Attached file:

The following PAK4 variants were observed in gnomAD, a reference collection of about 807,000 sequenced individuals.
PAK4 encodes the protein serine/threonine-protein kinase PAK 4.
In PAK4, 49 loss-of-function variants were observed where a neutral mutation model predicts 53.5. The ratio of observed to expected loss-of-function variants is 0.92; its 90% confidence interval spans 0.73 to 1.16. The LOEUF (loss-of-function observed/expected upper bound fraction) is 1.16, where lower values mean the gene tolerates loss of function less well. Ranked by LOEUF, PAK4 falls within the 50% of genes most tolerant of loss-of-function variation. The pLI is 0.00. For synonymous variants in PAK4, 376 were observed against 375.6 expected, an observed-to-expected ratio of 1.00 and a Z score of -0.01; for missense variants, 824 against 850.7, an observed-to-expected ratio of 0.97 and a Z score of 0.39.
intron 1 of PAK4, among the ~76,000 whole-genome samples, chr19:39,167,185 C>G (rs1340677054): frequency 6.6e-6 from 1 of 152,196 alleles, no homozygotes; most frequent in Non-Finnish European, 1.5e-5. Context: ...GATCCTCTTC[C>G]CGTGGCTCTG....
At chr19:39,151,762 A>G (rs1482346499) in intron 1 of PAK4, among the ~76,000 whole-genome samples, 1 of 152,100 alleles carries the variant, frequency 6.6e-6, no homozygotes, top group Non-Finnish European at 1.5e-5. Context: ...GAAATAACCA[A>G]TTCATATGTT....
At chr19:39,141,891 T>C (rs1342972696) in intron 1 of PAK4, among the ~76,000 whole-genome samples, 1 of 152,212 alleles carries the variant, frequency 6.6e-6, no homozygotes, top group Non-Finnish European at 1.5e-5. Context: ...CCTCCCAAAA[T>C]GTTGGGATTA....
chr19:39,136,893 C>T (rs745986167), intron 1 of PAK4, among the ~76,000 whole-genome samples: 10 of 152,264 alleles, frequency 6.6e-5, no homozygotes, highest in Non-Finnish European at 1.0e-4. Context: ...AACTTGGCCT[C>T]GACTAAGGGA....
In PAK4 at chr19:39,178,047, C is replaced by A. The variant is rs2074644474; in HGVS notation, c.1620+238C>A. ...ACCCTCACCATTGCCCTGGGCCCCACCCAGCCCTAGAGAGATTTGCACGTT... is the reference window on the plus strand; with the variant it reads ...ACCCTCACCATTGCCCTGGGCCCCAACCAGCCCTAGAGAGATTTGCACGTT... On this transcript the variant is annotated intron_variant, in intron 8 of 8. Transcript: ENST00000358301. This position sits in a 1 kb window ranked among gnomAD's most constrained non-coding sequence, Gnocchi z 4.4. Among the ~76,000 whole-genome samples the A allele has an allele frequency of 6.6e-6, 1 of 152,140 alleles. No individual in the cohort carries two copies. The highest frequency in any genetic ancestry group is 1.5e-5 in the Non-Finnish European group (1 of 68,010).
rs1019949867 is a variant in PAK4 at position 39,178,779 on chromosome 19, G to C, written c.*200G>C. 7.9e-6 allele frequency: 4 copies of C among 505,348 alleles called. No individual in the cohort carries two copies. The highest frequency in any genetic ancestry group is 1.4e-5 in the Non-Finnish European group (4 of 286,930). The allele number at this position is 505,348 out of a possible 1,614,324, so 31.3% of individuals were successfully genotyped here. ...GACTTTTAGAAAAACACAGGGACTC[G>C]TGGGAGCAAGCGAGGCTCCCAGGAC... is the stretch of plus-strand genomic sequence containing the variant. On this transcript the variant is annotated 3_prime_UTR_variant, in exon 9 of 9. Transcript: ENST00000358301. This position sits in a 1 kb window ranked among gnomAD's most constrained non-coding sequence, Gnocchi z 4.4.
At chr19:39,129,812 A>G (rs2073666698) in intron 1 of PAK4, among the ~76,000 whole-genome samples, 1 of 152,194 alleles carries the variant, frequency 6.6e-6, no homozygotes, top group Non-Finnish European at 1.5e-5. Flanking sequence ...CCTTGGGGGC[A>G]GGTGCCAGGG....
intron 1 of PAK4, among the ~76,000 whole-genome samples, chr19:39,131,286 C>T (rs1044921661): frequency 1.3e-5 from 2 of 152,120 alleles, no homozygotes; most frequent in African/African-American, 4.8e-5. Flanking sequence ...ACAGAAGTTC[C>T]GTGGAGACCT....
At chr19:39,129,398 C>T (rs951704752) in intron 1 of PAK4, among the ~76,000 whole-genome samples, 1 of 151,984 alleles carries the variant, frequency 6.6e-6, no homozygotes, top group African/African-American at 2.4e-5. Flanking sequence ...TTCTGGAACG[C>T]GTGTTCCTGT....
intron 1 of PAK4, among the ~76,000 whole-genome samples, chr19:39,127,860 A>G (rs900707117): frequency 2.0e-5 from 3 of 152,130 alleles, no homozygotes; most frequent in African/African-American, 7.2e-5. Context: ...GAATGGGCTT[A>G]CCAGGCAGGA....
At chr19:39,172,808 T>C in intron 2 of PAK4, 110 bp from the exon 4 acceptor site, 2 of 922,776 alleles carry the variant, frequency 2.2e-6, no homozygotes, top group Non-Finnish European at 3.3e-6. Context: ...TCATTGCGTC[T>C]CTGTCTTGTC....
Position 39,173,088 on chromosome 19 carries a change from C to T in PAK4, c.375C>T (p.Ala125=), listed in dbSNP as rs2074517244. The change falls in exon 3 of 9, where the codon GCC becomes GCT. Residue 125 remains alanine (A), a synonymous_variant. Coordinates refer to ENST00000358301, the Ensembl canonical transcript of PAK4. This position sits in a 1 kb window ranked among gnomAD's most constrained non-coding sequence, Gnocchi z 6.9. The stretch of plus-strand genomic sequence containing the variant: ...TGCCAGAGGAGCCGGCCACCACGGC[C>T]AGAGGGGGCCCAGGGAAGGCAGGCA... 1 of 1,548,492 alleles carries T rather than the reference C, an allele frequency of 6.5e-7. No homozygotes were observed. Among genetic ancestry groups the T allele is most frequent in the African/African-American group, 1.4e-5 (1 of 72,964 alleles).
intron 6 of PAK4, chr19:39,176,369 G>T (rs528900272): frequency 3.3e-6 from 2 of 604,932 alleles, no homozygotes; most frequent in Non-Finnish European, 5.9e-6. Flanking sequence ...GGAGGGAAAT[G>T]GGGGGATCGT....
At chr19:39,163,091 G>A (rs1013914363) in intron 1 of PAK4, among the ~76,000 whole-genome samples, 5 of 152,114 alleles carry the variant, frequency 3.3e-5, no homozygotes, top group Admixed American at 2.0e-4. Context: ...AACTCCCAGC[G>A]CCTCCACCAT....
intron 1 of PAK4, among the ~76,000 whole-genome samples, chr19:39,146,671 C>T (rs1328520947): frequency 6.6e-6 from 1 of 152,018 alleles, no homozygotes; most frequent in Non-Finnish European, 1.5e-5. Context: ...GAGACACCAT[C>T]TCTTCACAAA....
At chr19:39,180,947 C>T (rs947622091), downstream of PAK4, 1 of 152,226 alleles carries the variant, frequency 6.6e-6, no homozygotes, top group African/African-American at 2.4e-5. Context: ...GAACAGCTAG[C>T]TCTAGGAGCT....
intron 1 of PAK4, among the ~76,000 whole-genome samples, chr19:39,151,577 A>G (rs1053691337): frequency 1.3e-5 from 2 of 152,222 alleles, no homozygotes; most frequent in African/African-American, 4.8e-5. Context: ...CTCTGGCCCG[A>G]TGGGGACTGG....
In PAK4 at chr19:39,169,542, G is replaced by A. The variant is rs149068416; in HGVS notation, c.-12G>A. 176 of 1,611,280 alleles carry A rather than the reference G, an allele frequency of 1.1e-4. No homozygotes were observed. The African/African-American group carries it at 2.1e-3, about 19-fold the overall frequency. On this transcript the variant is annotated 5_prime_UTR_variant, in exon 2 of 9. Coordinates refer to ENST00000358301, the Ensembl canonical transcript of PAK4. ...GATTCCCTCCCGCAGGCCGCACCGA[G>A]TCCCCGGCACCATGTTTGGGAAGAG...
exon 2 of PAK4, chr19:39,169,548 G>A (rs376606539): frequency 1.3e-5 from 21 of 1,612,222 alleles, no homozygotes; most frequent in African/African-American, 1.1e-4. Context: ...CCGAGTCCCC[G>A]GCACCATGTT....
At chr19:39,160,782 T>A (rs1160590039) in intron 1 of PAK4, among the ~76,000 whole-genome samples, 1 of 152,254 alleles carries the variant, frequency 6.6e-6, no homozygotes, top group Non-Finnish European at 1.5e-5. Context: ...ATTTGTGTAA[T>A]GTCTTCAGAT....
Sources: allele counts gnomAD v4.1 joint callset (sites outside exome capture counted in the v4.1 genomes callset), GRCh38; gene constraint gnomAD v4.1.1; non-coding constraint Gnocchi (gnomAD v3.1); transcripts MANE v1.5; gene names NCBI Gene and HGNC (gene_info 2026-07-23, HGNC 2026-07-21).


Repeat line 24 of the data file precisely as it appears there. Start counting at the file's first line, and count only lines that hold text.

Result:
Sources: allele counts gnomAD v4.1 joint callset (sites outside exome capture counted in the v4.1 genomes callset), GRCh38; gene constraint gnomAD v4.1.1; non-coding constraint Gnocchi (gnomAD v3.1); transcripts MANE v1.5; gene names NCBI Gene and HGNC (gene_info 2026-07-23, HGNC 2026-07-21).